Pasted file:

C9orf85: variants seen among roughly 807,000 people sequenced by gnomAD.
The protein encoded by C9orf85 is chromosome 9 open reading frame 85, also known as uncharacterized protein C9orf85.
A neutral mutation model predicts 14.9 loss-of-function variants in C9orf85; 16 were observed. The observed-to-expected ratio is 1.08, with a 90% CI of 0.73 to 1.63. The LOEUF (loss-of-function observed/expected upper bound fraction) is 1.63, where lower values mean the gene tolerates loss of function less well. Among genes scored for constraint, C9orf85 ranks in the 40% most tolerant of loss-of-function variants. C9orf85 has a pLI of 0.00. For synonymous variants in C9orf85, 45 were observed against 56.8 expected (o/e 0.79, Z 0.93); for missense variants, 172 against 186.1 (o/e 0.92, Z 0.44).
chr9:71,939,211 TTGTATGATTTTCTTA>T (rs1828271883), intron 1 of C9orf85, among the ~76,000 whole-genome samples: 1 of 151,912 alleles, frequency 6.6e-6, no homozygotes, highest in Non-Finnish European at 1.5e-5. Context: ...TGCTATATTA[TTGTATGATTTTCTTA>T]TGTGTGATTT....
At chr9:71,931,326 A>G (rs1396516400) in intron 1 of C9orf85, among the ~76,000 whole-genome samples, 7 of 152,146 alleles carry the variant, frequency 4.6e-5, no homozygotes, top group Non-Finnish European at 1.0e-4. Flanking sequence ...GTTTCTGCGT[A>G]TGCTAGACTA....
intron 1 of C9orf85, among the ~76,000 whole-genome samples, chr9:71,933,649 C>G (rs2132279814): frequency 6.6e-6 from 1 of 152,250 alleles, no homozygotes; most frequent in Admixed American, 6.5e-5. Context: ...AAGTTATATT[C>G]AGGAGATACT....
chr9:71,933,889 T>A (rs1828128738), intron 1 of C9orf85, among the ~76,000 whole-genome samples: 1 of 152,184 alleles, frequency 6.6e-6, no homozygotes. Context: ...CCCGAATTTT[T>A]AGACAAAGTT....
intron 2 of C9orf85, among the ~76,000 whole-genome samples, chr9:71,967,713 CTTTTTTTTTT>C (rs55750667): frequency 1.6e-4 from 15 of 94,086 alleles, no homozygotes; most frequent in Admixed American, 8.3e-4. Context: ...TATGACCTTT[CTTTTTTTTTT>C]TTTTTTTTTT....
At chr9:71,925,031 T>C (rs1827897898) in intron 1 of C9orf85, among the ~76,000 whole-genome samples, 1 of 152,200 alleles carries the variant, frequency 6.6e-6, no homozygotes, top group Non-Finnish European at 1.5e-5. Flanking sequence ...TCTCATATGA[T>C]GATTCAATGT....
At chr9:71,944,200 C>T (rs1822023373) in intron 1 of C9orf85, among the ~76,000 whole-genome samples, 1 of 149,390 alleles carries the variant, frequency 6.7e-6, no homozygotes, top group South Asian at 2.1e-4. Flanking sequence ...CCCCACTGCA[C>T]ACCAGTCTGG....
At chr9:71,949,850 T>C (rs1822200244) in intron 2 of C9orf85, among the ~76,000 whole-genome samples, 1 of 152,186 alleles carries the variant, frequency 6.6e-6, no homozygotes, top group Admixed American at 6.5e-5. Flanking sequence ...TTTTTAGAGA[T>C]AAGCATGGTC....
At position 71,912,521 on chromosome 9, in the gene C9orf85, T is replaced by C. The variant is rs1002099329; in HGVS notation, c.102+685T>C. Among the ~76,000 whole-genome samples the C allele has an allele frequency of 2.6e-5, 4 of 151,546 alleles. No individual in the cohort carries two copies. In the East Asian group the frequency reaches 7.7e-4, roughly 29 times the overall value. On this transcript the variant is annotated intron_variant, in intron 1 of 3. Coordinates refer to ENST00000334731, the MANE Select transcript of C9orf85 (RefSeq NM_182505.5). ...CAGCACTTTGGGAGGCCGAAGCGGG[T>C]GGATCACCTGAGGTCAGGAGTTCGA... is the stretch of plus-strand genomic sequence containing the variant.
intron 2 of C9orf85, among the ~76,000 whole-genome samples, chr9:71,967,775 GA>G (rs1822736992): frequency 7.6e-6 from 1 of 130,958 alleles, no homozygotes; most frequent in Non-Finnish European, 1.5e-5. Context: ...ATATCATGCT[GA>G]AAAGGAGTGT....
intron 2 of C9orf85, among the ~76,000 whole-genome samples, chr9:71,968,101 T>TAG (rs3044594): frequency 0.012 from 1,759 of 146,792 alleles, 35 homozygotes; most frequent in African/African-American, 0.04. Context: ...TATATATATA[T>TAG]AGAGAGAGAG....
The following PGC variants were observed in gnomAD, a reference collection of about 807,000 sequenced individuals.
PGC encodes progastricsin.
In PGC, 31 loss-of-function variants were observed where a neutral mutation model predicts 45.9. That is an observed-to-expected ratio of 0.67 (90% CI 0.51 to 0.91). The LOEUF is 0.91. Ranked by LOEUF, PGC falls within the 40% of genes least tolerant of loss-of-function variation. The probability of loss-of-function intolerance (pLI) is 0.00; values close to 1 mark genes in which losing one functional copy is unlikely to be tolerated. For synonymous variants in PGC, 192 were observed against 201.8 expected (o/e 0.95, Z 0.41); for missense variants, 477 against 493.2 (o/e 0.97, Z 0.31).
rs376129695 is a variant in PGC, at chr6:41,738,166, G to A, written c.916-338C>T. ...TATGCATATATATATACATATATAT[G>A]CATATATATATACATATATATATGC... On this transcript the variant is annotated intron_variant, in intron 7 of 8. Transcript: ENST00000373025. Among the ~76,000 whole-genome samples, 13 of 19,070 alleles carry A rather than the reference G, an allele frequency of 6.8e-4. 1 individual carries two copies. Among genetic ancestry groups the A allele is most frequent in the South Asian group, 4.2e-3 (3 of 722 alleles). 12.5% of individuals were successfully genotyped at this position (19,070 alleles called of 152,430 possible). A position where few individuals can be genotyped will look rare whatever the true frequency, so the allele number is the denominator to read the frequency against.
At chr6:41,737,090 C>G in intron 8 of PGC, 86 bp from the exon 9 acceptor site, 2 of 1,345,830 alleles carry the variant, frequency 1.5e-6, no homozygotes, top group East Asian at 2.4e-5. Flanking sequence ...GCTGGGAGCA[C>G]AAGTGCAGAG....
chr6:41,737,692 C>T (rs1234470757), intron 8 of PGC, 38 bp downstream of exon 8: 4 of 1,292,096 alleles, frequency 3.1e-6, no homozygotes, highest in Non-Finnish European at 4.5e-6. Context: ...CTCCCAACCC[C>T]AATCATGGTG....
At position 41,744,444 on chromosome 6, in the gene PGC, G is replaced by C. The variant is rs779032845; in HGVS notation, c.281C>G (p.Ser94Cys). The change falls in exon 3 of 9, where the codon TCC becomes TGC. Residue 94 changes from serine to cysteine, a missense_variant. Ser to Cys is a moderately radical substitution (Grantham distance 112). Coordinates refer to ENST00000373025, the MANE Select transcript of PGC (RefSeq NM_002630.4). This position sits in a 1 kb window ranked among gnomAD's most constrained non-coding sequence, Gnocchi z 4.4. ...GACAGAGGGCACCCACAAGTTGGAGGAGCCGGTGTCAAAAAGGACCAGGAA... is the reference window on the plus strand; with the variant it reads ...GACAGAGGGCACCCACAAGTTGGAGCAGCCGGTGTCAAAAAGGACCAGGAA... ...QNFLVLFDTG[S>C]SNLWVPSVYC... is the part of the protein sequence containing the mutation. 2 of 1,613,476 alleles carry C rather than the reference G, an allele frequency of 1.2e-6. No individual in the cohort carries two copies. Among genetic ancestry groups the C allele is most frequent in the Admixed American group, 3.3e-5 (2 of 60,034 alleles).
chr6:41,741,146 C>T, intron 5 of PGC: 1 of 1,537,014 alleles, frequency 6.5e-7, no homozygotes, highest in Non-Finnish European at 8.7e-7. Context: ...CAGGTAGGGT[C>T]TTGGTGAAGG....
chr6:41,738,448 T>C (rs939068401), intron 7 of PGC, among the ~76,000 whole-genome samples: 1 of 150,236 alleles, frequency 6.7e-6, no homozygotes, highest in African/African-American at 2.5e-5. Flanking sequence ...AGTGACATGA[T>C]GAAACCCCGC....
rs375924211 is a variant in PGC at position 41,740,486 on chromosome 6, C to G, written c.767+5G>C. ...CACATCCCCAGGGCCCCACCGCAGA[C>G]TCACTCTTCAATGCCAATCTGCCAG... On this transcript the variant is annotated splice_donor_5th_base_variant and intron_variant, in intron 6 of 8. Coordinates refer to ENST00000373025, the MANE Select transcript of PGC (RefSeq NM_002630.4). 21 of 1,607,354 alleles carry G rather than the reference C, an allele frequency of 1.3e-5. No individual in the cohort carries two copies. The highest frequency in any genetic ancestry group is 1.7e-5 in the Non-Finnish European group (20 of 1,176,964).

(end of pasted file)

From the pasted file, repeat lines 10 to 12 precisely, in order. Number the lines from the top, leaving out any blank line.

At chr9:71,944,200 C>T (rs1822023373) in intron 1 of C9orf85, among the ~76,000 whole-genome samples, 1 of 149,390 alleles carries the variant, frequency 6.7e-6, no homozygotes, top group South Asian at 2.1e-4. Flanking sequence ...CCCCACTGCA[C>T]ACCAGTCTGG....
At chr9:71,949,850 T>C (rs1822200244) in intron 2 of C9orf85, among the ~76,000 whole-genome samples, 1 of 152,186 alleles carries the variant, frequency 6.6e-6, no homozygotes, top group Admixed American at 6.5e-5. Flanking sequence ...TTTTTAGAGA[T>C]AAGCATGGTC....
At position 71,912,521 on chromosome 9, in the gene C9orf85, T is replaced by C. The variant is rs1002099329; in HGVS notation, c.102+685T>C. Among the ~76,000 whole-genome samples the C allele has an allele frequency of 2.6e-5, 4 of 151,546 alleles. No individual in the cohort carries two copies. In the East Asian group the frequency reaches 7.7e-4, roughly 29 times the overall value. On this transcript the variant is annotated intron_variant, in intron 1 of 3. Coordinates refer to ENST00000334731, the MANE Select transcript of C9orf85 (RefSeq NM_182505.5). ...CAGCACTTTGGGAGGCCGAAGCGGG[T>C]GGATCACCTGAGGTCAGGAGTTCGA... is the stretch of plus-strand genomic sequence containing the variant.